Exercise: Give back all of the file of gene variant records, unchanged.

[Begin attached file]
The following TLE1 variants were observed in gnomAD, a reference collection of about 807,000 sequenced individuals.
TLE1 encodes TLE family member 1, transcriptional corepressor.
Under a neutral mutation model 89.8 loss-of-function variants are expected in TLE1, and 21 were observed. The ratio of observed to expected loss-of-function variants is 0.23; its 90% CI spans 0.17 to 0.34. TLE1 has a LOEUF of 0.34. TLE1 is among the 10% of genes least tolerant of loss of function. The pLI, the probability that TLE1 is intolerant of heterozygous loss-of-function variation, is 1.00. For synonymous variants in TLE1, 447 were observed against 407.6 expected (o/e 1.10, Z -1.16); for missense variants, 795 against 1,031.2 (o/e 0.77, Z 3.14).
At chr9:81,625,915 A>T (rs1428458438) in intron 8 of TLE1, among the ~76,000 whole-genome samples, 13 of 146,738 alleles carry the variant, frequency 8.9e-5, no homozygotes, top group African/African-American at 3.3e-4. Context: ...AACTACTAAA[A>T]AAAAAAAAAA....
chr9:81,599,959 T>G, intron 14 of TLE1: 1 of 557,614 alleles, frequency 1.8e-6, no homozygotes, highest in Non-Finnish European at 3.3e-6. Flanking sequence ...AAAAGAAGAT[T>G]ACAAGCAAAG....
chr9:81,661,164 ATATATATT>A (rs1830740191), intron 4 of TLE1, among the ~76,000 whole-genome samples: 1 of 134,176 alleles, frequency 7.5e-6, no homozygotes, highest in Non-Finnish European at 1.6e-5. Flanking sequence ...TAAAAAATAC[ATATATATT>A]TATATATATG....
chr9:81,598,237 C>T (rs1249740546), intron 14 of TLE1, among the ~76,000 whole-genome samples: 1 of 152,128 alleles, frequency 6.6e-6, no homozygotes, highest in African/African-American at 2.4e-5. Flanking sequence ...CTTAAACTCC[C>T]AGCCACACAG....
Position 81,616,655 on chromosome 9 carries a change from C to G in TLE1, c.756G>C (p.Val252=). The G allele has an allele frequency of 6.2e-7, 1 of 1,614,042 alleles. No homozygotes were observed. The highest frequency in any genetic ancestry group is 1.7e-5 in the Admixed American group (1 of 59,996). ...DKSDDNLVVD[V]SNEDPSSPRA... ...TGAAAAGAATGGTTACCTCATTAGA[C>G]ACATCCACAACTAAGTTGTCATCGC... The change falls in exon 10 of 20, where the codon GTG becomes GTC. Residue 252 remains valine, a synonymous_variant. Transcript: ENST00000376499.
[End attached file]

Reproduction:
The following TLE1 variants were observed in gnomAD, a reference collection of about 807,000 sequenced individuals.
TLE1 encodes TLE family member 1, transcriptional corepressor.
Under a neutral mutation model 89.8 loss-of-function variants are expected in TLE1, and 21 were observed. The ratio of observed to expected loss-of-function variants is 0.23; its 90% CI spans 0.17 to 0.34. TLE1 has a LOEUF of 0.34. TLE1 is among the 10% of genes least tolerant of loss of function. The pLI, the probability that TLE1 is intolerant of heterozygous loss-of-function variation, is 1.00. For synonymous variants in TLE1, 447 were observed against 407.6 expected (o/e 1.10, Z -1.16); for missense variants, 795 against 1,031.2 (o/e 0.77, Z 3.14).
At chr9:81,625,915 A>T (rs1428458438) in intron 8 of TLE1, among the ~76,000 whole-genome samples, 13 of 146,738 alleles carry the variant, frequency 8.9e-5, no homozygotes, top group African/African-American at 3.3e-4. Context: ...AACTACTAAA[A>T]AAAAAAAAAA....
chr9:81,599,959 T>G, intron 14 of TLE1: 1 of 557,614 alleles, frequency 1.8e-6, no homozygotes, highest in Non-Finnish European at 3.3e-6. Flanking sequence ...AAAAGAAGAT[T>G]ACAAGCAAAG....
chr9:81,661,164 ATATATATT>A (rs1830740191), intron 4 of TLE1, among the ~76,000 whole-genome samples: 1 of 134,176 alleles, frequency 7.5e-6, no homozygotes, highest in Non-Finnish European at 1.6e-5. Flanking sequence ...TAAAAAATAC[ATATATATT>A]TATATATATG....
chr9:81,598,237 C>T (rs1249740546), intron 14 of TLE1, among the ~76,000 whole-genome samples: 1 of 152,128 alleles, frequency 6.6e-6, no homozygotes, highest in African/African-American at 2.4e-5. Flanking sequence ...CTTAAACTCC[C>T]AGCCACACAG....
Position 81,616,655 on chromosome 9 carries a change from C to G in TLE1, c.756G>C (p.Val252=). The G allele has an allele frequency of 6.2e-7, 1 of 1,614,042 alleles. No homozygotes were observed. The highest frequency in any genetic ancestry group is 1.7e-5 in the Admixed American group (1 of 59,996). ...DKSDDNLVVD[V]SNEDPSSPRA... ...TGAAAAGAATGGTTACCTCATTAGA[C>G]ACATCCACAACTAAGTTGTCATCGC... The change falls in exon 10 of 20, where the codon GTG becomes GTC. Residue 252 remains valine, a synonymous_variant. Transcript: ENST00000376499.